Ken is a confident, proven, intelligent guy. Those qualities have worked well for him as he has paced himself through the developmental gates to where he is today — poised to take over the CEO role of a multi-billion dollar company.
Yet, as that prospect comes into focus, for the first time he admits to some doubts — not misgivings, just doubts. Doubts about how to tackle the tectonic shifts in generational culture of new workers, transformational technology, market forces and more. The stuff that rarely yields easy answers.
So, as much as his career has been marked by big, steady strides, he finds the next step a little hesitant. He has some … doubts.
Good. He should, if he wants to be successful.
Contrast that with Greg, who parachuted out of the ivory tower of a mega-brand global business, ready to export his proven practices to a new company where he boldly projected he would be named CEO in short order. He considered himself fully ready for the job.
He was fired a year and a half later.
Research bears out that you could almost predict Greg’s demise. Too often overlooked is the equal evidence that people like the doubting Ken are more likely to succeed in the long run. Seminal studies by executive coach and author David Dotlich reveal that 40 percent of CEOs fail in the first 18 months, yet most of them never imagined they would. Conversely, those who moved into that chair with a good dose of humility and sober acceptance of the gravity of the job, fared much better — often up to ten years or longer.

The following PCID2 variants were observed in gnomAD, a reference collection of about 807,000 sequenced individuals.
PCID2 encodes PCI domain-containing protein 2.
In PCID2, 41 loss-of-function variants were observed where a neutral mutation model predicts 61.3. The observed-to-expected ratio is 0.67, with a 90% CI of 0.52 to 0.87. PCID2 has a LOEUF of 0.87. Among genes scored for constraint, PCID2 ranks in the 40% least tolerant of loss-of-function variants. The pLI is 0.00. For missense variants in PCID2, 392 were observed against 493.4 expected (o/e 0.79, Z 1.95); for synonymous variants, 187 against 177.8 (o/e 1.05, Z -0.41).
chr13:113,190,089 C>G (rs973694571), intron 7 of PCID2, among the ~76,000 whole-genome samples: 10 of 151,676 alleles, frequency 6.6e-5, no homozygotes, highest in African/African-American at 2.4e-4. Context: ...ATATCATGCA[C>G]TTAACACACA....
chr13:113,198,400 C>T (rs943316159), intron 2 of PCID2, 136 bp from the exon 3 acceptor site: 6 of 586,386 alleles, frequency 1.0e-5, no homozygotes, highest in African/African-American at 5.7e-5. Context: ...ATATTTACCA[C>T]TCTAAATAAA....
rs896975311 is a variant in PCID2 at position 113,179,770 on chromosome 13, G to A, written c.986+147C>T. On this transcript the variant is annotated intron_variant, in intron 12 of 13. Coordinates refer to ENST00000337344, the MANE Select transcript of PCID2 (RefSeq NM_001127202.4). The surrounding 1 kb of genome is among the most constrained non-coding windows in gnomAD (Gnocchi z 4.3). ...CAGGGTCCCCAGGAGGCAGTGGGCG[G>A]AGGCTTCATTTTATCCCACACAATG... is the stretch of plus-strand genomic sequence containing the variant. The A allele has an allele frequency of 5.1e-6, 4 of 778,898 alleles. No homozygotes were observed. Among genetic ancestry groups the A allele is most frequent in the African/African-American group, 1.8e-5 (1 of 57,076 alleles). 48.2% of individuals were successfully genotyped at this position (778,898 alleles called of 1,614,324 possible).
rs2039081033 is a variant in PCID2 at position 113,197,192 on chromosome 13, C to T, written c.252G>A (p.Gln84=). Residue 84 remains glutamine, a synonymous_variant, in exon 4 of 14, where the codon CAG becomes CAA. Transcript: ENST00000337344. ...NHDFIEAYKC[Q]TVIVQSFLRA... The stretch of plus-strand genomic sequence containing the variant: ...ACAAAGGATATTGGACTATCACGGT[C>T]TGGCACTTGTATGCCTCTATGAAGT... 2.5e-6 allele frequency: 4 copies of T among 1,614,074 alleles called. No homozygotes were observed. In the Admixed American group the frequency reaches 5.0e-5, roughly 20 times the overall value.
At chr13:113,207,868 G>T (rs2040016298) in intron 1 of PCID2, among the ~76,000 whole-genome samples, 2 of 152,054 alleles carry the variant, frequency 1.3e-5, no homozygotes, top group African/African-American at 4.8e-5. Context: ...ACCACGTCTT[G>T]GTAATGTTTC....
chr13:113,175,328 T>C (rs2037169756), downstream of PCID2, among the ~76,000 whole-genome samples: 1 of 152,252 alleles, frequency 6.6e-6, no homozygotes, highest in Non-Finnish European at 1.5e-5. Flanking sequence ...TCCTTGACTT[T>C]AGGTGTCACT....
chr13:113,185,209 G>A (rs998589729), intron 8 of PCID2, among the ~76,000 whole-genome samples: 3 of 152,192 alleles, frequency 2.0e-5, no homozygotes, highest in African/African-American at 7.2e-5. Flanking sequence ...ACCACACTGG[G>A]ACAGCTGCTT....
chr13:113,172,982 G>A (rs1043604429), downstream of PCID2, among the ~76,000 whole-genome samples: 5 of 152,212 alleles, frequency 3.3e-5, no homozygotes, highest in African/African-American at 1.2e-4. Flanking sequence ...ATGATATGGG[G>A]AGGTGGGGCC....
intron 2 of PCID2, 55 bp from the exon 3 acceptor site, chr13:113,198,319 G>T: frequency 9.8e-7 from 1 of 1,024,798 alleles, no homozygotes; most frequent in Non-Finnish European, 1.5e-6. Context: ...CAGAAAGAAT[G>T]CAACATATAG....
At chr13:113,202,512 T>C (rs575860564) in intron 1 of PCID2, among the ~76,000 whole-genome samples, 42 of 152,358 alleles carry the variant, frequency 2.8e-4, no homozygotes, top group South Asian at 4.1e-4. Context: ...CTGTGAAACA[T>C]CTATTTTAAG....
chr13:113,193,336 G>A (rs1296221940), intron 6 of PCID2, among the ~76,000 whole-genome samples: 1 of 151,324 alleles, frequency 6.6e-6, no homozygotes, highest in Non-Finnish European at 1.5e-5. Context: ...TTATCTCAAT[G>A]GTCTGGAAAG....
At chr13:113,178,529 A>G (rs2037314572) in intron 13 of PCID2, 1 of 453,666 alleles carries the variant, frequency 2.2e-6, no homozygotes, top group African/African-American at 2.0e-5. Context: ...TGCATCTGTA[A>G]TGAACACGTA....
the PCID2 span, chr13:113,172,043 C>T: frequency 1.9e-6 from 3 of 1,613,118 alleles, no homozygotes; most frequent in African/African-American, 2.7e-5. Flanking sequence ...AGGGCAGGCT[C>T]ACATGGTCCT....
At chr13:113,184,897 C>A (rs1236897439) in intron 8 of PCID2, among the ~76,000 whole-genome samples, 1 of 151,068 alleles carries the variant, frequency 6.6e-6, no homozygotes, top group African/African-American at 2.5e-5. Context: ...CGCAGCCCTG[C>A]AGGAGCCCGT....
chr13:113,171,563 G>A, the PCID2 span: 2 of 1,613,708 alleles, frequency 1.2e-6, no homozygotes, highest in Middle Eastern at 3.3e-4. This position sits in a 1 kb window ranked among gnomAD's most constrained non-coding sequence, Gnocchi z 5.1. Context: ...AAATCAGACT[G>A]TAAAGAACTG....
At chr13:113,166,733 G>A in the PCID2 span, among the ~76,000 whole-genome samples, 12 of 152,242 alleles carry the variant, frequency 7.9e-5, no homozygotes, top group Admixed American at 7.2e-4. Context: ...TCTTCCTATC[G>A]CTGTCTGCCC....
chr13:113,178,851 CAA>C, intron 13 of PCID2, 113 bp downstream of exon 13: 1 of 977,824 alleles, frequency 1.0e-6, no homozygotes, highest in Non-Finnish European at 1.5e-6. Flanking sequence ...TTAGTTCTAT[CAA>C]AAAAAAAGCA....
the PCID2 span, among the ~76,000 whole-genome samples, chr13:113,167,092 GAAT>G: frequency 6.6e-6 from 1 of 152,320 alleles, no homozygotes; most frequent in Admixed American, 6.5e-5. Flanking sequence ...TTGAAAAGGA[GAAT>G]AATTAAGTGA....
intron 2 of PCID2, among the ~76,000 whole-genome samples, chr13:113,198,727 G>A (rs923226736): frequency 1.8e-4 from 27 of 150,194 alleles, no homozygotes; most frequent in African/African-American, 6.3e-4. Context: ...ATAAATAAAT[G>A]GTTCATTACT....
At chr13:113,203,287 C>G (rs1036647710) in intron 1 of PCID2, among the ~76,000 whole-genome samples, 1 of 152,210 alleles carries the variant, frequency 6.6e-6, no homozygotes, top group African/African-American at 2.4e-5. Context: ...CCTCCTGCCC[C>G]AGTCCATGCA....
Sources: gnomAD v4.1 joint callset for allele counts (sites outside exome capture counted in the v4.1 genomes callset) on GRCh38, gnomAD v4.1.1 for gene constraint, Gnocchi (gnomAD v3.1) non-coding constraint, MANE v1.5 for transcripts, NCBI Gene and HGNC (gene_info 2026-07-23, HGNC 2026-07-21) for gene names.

Healthy doubts are the Reese’s Pieces that lead us on a trail of curiosity toward the unknown. Doubt is a necessary intruder to the place often occupied by hubris. Doubting prods us that the answers are more often “out there” than in our heads. In reality, by thinking we have the answers, we are already spawning our obsolescence, because too much is changing too fast to keep it current in one mind.
Doubt — as a practiced discipline and exhibited judiciously in the presence of others — invites ideas and perspectives that too often wilt in the heat of the “really smart” CEO. Doubt prompts us to investigate the unfamiliar path over the well-trodden, and penalizes the certainty of our own past exploits.
There are times to move boldly, with a clear conviction and determined pace. However, the greatest personal growth comes when we embrace our ignorance as our most trusted companion.